The Da Vinci Code (not a Dan Brown story)

June 27, 2007 at 3:00 am Leave a comment

Like Darwin, Leonardo Da Vinci has gone digital. The Leonardian Library in Vinci, Tuscany is digitising Da Vinci’s work. Specifically, the Madrid Codices and the Codex Atlanticus — two collections of scientific and technical drawings – will be available as a free digital archive called e-Leo (love the name!).

The project is being financed by the European Union and will include the Windsor folios and 12 notebooks from the Institut de France. 12,000 pages of Da Vinci’s work will be available, creating the most extensive public online archive of Leonardo’s codes.

But don’t rush off just yet to check if Dan Brown had all his facts right. Apparently, you need a good grasp of 15th Century Italian to navigate your way around Da Vinci’s designs and notes. Forms in English are expected in about two months; an index of drawings in English is expected by year’s end.

Indexing the collection has been an interesting task as Da Vinci often clustered together non-related items such as technical specifications with shopping lists. Text mining company Synthema, along with engineers from the University of Florence and the Accademia della Crusca, Italy’s national language institute founded in 1582, teamed up to index the great master’s work and offer semantic search functions and clustered results for delighted academics. Amongst the Codex Atlanticus is a technical drawing for a spring-propelled vehicle that perhaps inspired the Mars rover.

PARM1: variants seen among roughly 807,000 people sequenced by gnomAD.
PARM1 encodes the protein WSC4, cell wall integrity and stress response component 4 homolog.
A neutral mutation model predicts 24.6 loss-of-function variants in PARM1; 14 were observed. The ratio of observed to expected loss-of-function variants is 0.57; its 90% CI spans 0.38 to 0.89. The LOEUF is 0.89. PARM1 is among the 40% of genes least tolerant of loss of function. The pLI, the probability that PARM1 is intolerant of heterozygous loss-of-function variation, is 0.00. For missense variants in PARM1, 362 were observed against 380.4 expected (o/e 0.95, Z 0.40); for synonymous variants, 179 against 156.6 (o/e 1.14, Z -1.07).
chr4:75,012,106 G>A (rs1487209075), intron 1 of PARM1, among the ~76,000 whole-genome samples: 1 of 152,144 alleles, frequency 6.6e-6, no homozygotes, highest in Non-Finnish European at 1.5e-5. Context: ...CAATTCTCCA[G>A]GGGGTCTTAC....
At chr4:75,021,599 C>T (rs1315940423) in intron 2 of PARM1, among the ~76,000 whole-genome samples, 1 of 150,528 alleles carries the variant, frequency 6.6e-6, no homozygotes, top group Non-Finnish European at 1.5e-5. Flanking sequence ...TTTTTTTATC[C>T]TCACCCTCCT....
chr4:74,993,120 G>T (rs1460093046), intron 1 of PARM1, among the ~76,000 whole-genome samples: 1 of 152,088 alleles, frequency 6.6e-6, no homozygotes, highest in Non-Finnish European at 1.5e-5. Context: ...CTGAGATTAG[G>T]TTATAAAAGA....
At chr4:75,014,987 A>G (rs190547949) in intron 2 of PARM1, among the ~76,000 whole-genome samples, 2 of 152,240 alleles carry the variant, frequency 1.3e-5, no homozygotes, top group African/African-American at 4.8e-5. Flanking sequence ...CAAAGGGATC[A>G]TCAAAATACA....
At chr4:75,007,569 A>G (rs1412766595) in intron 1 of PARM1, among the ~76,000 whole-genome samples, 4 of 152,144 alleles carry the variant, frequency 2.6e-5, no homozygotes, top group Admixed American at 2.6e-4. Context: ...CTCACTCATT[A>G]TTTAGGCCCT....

Over at the British Library, two of Leonardo’s notebooks are freely available for six months. The Codex Leicester is owned by Bill Gates for which he paid US$30.8 million; the other, Codex Arundel, is owned by the British Library. Go here to check it out.


Entry filed under: Da Vinci, History, Information management, Useful resources.

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